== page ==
New ways of buying supplies and medical equipment could save the NHS £1.2 billion to reinvest in patient care, Health Minister Simon Burns announced today.
The NHS has been asked to ‘raise its game’ when purchasing goods and services, such as gloves and sutures, catering and energy, to save at least £1.2 billion over the next four years.
The Department of Health, working with the NHS Supply Chain, has also established a £300 million cash fund to enable the NHS to bulk buy large equipment such as:
• CT scanners,
• MRI scanners,
• ultrasound machines, and
• cancer treatment technology.
Thanks to this fund, £11 million has already been saved through orders that have been placed in advance via NHS Supply Chain with suppliers.
Traditionally, the NHS has struggled to make the most of its buying power as there was very little knowledge between local hospitals about their equipment needs. This fund allows the NHS to benefit from the savings of bulk buying expensive medical equipment via NHS Supply Chain.
Health Minister Simon Burns said:
“Waste is unacceptable when we know there are simple solutions. That is why the NHS needs to buy smarter and get the best value for the taxpayer for every penny spent.
“We know that at least £1.2 billion could be saved over the next four years if the NHS innovatively changes the way it buys goods and services.
“Already, over £11 million has been saved through bulk-buy discounts on the cash fund.
“This is the first step to better, smarter procurement in the NHS and we will be working closely with hospital trusts over the next six months to help them save even more money that can be reinvested in patient care.”
The recommended life of the majority of equipment such as CT and MRI scanners is ten years, after which it either needs updating or replacing because of wear and tear. There are over 200 of these large scale items that will need replacing over the next couple of years and the NHS will be able to significantly benefit from the discounts achieved via these bulk buy deals when replacing this important equipment.
By having the cash fund available, the NHS Supply Chain are able to secure better bulk buys deals for the NHS with suppliers. As equipment is purchased by trusts, payment for it will go back into the fund, effectively replenishing it for future use.
Andy Brown Managing Director of Business Solutions for NHS Supply Chain said:
“This important development will allow NHS Supply Chain to group together the purchasing power of the NHS for this vital equipment, make large commitments to suppliers and bring improved planning to the management and replacement of this equipment across the NHS and with suppliers.”
Procurement plays a valuable role in driving improvement in services. Better procurement means these savings can be reinvested to benefit patients. Our ambition is to put in place a world-class procurement system in the NHS that is responsive to modern suppliers. This will enable the NHS to adopt existing innovations and stimulate new ones that will benefit patients and taxpayers.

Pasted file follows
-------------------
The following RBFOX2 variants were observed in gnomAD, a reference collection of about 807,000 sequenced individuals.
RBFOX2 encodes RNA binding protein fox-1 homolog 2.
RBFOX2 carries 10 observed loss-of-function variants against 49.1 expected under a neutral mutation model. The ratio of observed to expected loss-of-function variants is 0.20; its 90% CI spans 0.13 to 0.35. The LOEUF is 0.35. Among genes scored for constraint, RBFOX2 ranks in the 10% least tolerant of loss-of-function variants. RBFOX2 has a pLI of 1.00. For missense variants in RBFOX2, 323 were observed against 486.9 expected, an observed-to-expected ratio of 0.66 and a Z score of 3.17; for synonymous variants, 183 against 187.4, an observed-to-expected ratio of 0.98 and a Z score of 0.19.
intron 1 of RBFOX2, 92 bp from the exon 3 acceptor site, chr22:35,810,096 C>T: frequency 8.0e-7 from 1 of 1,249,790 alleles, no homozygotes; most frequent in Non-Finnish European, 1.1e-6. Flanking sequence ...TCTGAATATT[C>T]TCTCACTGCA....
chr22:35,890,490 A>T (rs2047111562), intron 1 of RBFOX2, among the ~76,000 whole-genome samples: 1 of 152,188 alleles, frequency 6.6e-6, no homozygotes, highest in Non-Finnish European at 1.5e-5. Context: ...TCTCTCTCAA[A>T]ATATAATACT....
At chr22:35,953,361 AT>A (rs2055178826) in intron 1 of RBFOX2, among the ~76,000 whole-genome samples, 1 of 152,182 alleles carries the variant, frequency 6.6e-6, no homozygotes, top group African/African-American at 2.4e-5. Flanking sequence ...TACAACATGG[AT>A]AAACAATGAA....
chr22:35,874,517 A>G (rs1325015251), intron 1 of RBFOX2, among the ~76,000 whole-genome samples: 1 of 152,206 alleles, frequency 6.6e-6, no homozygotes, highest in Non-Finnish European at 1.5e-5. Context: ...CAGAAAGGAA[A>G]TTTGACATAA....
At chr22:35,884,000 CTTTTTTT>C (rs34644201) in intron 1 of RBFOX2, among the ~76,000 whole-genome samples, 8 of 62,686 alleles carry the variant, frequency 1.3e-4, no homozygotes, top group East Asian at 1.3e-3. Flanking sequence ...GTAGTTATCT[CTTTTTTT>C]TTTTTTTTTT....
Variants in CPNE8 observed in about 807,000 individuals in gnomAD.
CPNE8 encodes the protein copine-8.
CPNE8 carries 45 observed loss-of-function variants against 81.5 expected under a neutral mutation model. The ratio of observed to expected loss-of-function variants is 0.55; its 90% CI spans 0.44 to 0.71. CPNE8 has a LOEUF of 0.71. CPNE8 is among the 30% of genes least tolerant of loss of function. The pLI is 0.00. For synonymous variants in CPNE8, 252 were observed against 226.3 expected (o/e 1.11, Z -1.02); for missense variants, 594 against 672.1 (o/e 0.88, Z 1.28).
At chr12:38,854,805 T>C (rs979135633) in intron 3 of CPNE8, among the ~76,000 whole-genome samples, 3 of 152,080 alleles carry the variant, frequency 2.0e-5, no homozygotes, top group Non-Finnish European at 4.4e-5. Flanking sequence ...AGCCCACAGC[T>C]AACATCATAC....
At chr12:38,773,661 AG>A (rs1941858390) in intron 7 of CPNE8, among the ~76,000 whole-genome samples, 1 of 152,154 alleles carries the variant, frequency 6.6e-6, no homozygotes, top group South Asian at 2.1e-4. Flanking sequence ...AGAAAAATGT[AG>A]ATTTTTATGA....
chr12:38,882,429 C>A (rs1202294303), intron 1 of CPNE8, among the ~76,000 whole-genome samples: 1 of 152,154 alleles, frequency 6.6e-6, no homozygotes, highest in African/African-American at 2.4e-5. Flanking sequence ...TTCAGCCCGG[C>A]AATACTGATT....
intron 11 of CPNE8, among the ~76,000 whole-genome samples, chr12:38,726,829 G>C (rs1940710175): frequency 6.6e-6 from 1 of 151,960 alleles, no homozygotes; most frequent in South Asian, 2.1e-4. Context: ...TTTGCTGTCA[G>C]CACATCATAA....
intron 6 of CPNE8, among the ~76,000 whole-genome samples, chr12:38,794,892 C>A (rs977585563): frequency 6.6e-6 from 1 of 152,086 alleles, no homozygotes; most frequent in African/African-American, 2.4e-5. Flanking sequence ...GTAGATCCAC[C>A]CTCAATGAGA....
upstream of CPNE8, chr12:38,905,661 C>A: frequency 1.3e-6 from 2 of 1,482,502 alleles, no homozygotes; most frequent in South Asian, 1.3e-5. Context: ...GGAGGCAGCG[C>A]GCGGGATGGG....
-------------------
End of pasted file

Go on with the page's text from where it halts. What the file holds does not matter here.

In addition, hospitals are now being asked to drive forward improvements through a series of actions, being more transparent and assessing how they buy equipment and services, including:
• Publish the details of all contracts over £10,000;
• Appoint a board executive to be accountable for procurement performance; and
• Regularly audit procurement.
These actions in Raising our Game will be taken forward immediately, whilst the strategy for developing world-class procurement will be published later this year.
It is vital that we have procurement that is not only better, but is world class. As a first step, Raising our Game sets out the actions that the NHS must take immediately. It should be focused on outcomes, not just cost, and must be responsive to creative ideas from suppliers, procurement specialists, clinicians and managers. Transforming procurement in the NHS could enhance quality and value and the strategy for delivering this will be published later this year.
Notes to Editors
1. NHS Procurement: Raising our Game document, with the list of actions to be taken forward by the NHS has been published today on the DH website.
2. The £300 million fund is in response to recent recommendations by the Public Accounts Committee to better purchase large scale equipment.
3. It is estimated the NHS could save £1.2 billion - through a wide range of initiatives which go beyond negotiating better prices for the NHS and include improving how stock in hospitals is managed, reducing wastage and using information on what is spent to consider ways we can work better with suppliers to remove cost.
4. As part of the development of a world-class procurement function, we will work in consultation with the NHS, industry, third sector organisations and a range of stakeholders and procurement specialists.
5. Sir Ian Carruthers will conduct a Procurement Strategy Review that will inform the strategic approach to procurement in the NHS. The first element of this is an Open Call for Evidence and Ideas which is what is being published today along side Raising our Game. This will culminate in a further report later this year.